Federal Reserve Chair Jerome Powell on Wednesday underscored the Fed's determination to raise interest rates high enough to slow inflation, a commitment that has fanned concerns that the central bank's fight against surging prices could tip the economy into recession.
Powell also said the pace of future rate hikes will depend on whether — and how quickly — inflation starts to decline, something the Fed will assess on a "meeting by meeting" basis.
Its decision-making will be based on "the incoming data and the evolving outlook for the economy," Powell said to the Senate Banking Committee, which he is addressing as part of the Fed's semiannual policy report to Congress.
The Fed's accelerating pace of rate increases — it started with a quarter-point hike in its key short-term rate in March, then a half-point increase in May, then three-quarters of a point last week — has alarmed investors and led to sharp declines in the financial markets.
Powell's testimony Wednesday comes exactly a week after the Fed announced its three-quarters-of-a-point increase, its biggest hike in nearly three decades, to a range of 1.5% to 1.75%. With inflation at a 40-year high, the Fed's policymakers also forecast a more accelerated pace of rate hikes this year and next than they had predicted three months ago, with its key rate reaching 3.8% by the end of 2023. That would be its highest level in 15 years.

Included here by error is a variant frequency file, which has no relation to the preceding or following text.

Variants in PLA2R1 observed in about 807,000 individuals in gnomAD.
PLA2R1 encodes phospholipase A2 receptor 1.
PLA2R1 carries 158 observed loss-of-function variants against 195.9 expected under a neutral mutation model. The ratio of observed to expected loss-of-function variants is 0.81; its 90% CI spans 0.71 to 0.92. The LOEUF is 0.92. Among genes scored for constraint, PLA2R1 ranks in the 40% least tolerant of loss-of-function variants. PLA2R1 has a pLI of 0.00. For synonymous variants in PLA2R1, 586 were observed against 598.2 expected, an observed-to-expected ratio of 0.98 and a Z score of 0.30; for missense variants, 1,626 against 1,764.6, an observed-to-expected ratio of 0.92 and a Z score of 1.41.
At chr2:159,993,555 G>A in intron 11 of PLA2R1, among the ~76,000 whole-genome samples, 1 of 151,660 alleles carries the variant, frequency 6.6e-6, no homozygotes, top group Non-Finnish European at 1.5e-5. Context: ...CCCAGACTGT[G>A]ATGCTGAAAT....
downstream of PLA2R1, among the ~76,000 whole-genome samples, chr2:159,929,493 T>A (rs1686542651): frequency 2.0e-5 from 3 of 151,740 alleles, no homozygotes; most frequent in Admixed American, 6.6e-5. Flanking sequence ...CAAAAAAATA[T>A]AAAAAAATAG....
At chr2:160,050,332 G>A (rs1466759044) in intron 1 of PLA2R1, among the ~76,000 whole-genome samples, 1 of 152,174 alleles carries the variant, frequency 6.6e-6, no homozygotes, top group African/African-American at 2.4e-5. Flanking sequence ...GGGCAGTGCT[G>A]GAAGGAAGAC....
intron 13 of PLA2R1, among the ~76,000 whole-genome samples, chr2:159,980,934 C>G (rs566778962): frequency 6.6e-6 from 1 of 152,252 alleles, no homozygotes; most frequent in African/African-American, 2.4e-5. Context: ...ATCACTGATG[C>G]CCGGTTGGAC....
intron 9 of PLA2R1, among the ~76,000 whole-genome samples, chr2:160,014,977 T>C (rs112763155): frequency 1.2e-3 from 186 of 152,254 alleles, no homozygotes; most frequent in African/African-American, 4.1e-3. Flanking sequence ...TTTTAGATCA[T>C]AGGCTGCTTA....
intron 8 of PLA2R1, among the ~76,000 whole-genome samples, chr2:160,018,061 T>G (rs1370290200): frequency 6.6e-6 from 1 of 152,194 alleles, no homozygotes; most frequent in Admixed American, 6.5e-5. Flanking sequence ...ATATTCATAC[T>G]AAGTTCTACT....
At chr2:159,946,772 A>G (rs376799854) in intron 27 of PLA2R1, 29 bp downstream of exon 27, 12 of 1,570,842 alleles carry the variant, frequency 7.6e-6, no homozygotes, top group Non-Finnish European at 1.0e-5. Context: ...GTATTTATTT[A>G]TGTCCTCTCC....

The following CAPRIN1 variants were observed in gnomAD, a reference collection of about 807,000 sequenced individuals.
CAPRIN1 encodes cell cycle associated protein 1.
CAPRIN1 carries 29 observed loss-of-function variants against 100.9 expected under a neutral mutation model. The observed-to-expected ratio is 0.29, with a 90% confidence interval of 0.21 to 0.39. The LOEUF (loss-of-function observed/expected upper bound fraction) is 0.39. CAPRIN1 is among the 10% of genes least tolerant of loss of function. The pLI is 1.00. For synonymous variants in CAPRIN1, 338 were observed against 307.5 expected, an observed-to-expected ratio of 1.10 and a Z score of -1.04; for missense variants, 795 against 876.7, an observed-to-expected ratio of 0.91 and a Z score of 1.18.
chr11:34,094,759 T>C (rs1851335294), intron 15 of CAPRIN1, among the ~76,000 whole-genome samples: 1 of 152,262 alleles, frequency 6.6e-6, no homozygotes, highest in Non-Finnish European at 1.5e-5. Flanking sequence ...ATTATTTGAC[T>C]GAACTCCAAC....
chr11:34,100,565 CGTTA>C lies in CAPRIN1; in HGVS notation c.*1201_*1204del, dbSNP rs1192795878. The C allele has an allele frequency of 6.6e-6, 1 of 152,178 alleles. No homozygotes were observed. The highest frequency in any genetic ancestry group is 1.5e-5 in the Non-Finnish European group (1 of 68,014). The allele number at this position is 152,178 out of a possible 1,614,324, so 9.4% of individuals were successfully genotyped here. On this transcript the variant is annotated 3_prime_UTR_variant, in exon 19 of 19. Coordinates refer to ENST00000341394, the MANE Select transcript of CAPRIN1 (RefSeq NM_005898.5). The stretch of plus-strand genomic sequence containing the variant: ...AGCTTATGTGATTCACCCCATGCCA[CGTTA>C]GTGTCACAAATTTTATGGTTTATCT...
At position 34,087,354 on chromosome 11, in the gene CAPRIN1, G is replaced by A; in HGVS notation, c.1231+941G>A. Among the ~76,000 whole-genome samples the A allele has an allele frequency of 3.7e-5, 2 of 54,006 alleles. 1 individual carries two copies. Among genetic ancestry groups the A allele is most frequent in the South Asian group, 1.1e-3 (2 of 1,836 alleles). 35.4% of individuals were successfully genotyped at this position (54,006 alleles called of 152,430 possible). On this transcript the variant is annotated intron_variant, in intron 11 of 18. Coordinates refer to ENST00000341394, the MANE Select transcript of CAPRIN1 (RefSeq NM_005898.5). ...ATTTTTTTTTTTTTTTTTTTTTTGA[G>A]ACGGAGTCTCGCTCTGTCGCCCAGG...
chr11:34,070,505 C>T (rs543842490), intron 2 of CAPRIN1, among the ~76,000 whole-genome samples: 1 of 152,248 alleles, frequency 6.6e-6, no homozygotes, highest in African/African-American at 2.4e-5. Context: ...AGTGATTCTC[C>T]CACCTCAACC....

Concerns are growing that the Fed will end up tightening credit so much as to cause a recession. This week, Goldman Sachs estimated the likelihood of a recession at 30% over the next year and at 48% over the next two years.
A senior Republican on the Banking Committee, Sen. Thom Tillis of North Carolina, on Wednesday accused Powell of having taken too long to raise rates, saying the Fed's hikes "are long overdue" and that its benchmark short-term rate should go much higher.
"The Fed has largely boxed itself into a menu of purely reactive policy measures," Tillis said.
Tillis, like many Republicans, also blamed President Joe Biden's $1.9 trillion financial stimulus package, approved in March 2021, for being excessively large and exacerbating inflation. Many economists agree that the additional spending contributed to rising prices by magnifying demand even while supply chains were snarled by COVID-related shutdowns and labor shortages were driving up wages. Inflation pressures were further worsened by Russia's invasion of Ukraine.
President Biden is expected on Wednesday to call on Congress to suspend U.S. gas and diesel taxes to reduce the sting of high fuel prices, which are averaging nearly $5 a gallon. Many economists are skeptical that consumers will see the full benefit of a tax holiday on the 18.4 cent per gallon gas tax.
Inflation has emerged as a leading concern of voters in the months before Congress' midterm elections, weakening President Biden's approval ratings and raising the likelihood of Democratic losses in November. While taking some steps to try to ease the burden of inflation, the president has stressed his belief that the ability to curb inflation rests mainly with the Fed.